Standing frequently throughout the day is especially important for men.  There is new research that links prolonged sitting to swelling of the prostate or prostatitis, and there is also research that links prostatitis to prostate cancer.  Prostatitis can affect the sexual health of men usually beginning at about the age of 50; so all you men out there, stand up at least once every hour.

 

Ergonomics: Standards

On July 20, 2001, the Occupational Safety and Health Administration cited President George W. Bush’s March 20, 2001, statement as follows:  “The safety and health of our Nation’s workforce is a priority for my administration.  Together we will pursue a comprehensive approach to ergonomics that addresses the concerns surrounding the ergonomics rule repealed today.  We will work with the Congress, the business community, and our Nation’s workers to address this important issue.”

It further states, “With these words, President Bush signed a joint resolution of Congress disapproving OSHA’s ergonomics standard, and at the same time, pledging to find a solution to ergonomic-related problems affecting the nation’s workforce.  OSHA’s ergonomics program standard was issued November 14, 2000, and took effect January 16, 2001.  Congress acted under authority of the Congressional Review Act of 1996.  As a result, the standard is no longer in effect, and employers and workers are not bound by its requirements.”

Today, I checked out OSHA’s web site and it makes no mention of the ergonomics standard being repealed.  It may be part of Obama Care; that is just my guess.  In fact, it is now referred to as the Occupational Safety and Health Act of 1970 with amendments through 2004.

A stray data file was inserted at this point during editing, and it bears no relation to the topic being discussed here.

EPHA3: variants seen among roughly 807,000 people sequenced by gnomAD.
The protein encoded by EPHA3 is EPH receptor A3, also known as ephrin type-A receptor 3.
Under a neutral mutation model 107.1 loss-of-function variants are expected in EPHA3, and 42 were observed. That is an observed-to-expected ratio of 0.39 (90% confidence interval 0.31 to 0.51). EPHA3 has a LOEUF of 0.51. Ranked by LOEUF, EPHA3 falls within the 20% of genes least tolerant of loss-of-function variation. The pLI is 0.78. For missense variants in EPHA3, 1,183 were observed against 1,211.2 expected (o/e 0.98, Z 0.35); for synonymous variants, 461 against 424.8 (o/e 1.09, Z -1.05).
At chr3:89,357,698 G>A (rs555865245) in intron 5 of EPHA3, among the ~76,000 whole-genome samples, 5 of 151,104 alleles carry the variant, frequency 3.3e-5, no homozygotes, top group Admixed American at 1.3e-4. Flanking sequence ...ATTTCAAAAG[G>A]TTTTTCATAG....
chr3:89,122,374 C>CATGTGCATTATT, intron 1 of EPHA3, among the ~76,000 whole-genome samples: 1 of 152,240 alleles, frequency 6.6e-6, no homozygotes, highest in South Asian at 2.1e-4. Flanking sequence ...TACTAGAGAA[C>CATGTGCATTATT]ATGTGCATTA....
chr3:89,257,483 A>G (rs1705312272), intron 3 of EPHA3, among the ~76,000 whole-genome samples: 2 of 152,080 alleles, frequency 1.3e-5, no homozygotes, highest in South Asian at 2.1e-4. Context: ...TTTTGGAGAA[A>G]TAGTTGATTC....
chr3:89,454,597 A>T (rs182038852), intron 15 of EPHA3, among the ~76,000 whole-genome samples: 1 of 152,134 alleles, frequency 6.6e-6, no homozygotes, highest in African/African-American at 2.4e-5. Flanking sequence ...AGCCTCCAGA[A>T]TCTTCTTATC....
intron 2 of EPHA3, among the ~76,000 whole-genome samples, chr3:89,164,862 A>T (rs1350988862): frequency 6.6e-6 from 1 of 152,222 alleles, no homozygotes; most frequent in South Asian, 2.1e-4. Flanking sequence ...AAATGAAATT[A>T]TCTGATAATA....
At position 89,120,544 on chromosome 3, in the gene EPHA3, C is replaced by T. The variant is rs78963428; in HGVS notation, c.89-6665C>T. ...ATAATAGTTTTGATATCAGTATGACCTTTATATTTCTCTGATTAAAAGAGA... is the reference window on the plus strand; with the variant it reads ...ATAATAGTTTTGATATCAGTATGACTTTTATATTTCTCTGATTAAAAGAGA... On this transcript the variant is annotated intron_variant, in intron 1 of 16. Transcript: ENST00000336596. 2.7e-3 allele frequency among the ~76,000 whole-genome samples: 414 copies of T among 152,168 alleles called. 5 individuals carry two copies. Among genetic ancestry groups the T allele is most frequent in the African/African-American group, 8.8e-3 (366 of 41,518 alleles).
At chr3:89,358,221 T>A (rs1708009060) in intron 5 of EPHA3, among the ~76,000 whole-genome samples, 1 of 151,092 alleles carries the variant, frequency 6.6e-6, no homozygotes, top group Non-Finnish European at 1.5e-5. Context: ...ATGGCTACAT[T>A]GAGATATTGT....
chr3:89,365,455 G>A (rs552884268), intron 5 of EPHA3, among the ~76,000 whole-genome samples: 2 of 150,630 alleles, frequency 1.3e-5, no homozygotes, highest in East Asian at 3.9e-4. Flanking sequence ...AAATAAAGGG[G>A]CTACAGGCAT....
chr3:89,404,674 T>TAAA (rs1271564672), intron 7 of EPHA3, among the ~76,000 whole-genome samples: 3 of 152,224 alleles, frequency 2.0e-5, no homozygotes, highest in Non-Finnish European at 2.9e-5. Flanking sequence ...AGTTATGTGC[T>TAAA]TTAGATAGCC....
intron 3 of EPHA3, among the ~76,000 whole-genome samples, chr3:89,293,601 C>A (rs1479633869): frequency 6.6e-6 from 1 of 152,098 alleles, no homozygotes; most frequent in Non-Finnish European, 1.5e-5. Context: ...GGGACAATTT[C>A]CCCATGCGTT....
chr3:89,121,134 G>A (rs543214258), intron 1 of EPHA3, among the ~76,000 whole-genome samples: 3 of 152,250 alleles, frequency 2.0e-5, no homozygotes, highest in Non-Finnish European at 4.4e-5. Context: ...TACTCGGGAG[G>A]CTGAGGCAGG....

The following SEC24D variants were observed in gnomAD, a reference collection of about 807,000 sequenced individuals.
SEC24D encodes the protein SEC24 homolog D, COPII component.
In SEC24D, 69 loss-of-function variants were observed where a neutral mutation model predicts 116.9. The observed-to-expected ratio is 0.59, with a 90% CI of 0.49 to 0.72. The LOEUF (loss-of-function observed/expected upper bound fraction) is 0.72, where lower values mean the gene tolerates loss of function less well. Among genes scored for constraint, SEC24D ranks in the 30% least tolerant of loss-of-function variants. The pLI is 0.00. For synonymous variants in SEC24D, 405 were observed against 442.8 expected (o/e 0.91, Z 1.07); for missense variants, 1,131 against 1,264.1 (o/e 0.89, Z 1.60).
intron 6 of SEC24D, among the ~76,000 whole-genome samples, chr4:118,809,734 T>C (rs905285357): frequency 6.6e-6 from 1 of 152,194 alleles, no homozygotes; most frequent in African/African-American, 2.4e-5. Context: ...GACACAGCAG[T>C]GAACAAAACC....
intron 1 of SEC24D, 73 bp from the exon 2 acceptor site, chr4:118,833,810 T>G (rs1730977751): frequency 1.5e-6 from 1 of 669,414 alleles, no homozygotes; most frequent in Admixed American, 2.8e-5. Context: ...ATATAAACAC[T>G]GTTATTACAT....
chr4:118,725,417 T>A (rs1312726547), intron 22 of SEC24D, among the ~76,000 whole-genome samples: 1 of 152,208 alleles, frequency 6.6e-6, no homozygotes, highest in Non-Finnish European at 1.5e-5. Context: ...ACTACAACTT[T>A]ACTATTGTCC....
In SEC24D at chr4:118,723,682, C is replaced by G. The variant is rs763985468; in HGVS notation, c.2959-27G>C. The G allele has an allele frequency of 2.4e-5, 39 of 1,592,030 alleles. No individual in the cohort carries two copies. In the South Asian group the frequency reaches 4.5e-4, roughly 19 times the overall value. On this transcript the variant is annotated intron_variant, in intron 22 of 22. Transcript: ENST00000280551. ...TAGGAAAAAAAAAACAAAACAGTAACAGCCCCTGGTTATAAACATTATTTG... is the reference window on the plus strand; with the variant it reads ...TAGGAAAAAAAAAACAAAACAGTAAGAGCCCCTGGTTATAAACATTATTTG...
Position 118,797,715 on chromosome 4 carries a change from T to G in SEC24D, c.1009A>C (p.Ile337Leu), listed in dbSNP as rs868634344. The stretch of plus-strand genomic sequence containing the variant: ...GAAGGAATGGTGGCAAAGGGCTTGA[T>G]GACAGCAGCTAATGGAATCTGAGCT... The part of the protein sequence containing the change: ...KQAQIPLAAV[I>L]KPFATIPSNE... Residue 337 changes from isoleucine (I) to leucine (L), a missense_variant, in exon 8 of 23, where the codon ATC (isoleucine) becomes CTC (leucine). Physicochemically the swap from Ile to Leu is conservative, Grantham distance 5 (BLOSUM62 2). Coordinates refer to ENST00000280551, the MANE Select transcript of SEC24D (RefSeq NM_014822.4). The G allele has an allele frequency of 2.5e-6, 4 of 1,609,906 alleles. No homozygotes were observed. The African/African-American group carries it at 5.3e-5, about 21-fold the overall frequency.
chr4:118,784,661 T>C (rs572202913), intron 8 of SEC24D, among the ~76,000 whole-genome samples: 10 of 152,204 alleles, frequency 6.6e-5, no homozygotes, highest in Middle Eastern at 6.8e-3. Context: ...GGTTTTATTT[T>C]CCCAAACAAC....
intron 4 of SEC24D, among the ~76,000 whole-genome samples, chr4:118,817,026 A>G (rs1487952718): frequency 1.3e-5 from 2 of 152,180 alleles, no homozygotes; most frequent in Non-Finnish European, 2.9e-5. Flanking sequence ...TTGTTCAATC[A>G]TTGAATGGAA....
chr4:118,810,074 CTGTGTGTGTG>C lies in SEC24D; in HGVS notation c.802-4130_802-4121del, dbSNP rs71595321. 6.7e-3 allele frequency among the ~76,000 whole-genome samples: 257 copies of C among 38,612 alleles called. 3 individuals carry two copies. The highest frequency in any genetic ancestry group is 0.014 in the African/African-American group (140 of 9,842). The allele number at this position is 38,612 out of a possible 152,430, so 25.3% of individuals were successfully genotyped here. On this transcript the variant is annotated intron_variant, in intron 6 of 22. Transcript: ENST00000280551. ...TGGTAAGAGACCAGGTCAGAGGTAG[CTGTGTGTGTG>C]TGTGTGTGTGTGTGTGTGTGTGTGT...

Bottom line is any employers should evaluate their workers for musculoskeletal disorders before they are hired so that they are not found to have an unsafe workplace that causes ergonomic injuries.

Further, for existing employees, if a person has any musculoskeletal pain, go to OSHA.gov to report any Work-related Injuries and Illnesses on their on-line Form 300 (Rev.01/2004) to be on the safe side.  Under OSHA’s General Duty clause, employers can be audited for not reporting a Work-related MSD; but as long as the employer reports the MSD (musculoskeletal disorder), they cannot get audited under the General Duty Clause for not reporting said MSD.  Employers can also call 1-800-321-OSHA to report any potential MSD’s that could be Work-related to make sure you are OSHA compliant.